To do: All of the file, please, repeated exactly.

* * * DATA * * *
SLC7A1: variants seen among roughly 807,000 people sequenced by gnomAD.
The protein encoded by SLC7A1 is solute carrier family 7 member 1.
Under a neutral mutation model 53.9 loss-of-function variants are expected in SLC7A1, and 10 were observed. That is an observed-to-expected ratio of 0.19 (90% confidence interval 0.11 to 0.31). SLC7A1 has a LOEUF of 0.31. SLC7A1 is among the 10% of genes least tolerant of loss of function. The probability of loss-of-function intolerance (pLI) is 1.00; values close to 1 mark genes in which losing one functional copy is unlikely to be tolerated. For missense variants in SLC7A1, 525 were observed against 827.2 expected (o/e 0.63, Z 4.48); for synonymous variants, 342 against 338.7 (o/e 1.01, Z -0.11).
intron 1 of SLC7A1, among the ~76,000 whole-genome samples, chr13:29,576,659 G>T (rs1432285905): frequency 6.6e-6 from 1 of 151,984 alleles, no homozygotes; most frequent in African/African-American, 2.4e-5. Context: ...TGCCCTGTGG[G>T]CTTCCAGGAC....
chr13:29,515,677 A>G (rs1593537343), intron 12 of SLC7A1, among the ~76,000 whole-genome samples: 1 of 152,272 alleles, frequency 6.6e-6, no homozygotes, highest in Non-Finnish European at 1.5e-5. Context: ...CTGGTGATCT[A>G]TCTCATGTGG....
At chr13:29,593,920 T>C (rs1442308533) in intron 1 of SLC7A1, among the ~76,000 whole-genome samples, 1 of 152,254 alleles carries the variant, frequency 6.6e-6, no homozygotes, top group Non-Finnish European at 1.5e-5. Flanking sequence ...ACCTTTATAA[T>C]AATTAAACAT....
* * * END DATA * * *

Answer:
SLC7A1: variants seen among roughly 807,000 people sequenced by gnomAD.
The protein encoded by SLC7A1 is solute carrier family 7 member 1.
Under a neutral mutation model 53.9 loss-of-function variants are expected in SLC7A1, and 10 were observed. That is an observed-to-expected ratio of 0.19 (90% confidence interval 0.11 to 0.31). SLC7A1 has a LOEUF of 0.31. SLC7A1 is among the 10% of genes least tolerant of loss of function. The probability of loss-of-function intolerance (pLI) is 1.00; values close to 1 mark genes in which losing one functional copy is unlikely to be tolerated. For missense variants in SLC7A1, 525 were observed against 827.2 expected (o/e 0.63, Z 4.48); for synonymous variants, 342 against 338.7 (o/e 1.01, Z -0.11).
intron 1 of SLC7A1, among the ~76,000 whole-genome samples, chr13:29,576,659 G>T (rs1432285905): frequency 6.6e-6 from 1 of 151,984 alleles, no homozygotes; most frequent in African/African-American, 2.4e-5. Context: ...TGCCCTGTGG[G>T]CTTCCAGGAC....
chr13:29,515,677 A>G (rs1593537343), intron 12 of SLC7A1, among the ~76,000 whole-genome samples: 1 of 152,272 alleles, frequency 6.6e-6, no homozygotes, highest in Non-Finnish European at 1.5e-5. Context: ...CTGGTGATCT[A>G]TCTCATGTGG....
At chr13:29,593,920 T>C (rs1442308533) in intron 1 of SLC7A1, among the ~76,000 whole-genome samples, 1 of 152,254 alleles carries the variant, frequency 6.6e-6, no homozygotes, top group Non-Finnish European at 1.5e-5. Flanking sequence ...ACCTTTATAA[T>C]AATTAAACAT....